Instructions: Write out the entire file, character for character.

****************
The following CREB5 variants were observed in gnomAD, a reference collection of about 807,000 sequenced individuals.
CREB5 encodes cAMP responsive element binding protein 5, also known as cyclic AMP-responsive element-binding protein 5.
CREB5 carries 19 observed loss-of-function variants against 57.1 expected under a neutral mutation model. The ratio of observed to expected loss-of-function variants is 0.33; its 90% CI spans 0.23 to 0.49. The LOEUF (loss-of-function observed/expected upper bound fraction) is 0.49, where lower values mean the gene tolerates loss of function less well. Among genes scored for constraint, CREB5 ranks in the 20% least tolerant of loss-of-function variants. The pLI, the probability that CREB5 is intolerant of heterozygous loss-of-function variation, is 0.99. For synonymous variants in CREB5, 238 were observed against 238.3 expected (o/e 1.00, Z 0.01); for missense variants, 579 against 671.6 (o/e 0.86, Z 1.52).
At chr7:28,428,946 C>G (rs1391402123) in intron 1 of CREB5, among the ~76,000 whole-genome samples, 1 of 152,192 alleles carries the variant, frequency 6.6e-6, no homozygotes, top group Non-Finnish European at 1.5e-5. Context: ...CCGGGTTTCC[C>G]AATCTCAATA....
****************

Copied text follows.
The following CREB5 variants were observed in gnomAD, a reference collection of about 807,000 sequenced individuals.
CREB5 encodes cAMP responsive element binding protein 5, also known as cyclic AMP-responsive element-binding protein 5.
CREB5 carries 19 observed loss-of-function variants against 57.1 expected under a neutral mutation model. The ratio of observed to expected loss-of-function variants is 0.33; its 90% CI spans 0.23 to 0.49. The LOEUF (loss-of-function observed/expected upper bound fraction) is 0.49, where lower values mean the gene tolerates loss of function less well. Among genes scored for constraint, CREB5 ranks in the 20% least tolerant of loss-of-function variants. The pLI, the probability that CREB5 is intolerant of heterozygous loss-of-function variation, is 0.99. For synonymous variants in CREB5, 238 were observed against 238.3 expected (o/e 1.00, Z 0.01); for missense variants, 579 against 671.6 (o/e 0.86, Z 1.52).
At chr7:28,428,946 C>G (rs1391402123) in intron 1 of CREB5, among the ~76,000 whole-genome samples, 1 of 152,192 alleles carries the variant, frequency 6.6e-6, no homozygotes, top group Non-Finnish European at 1.5e-5. Context: ...CCGGGTTTCC[C>G]AATCTCAATA....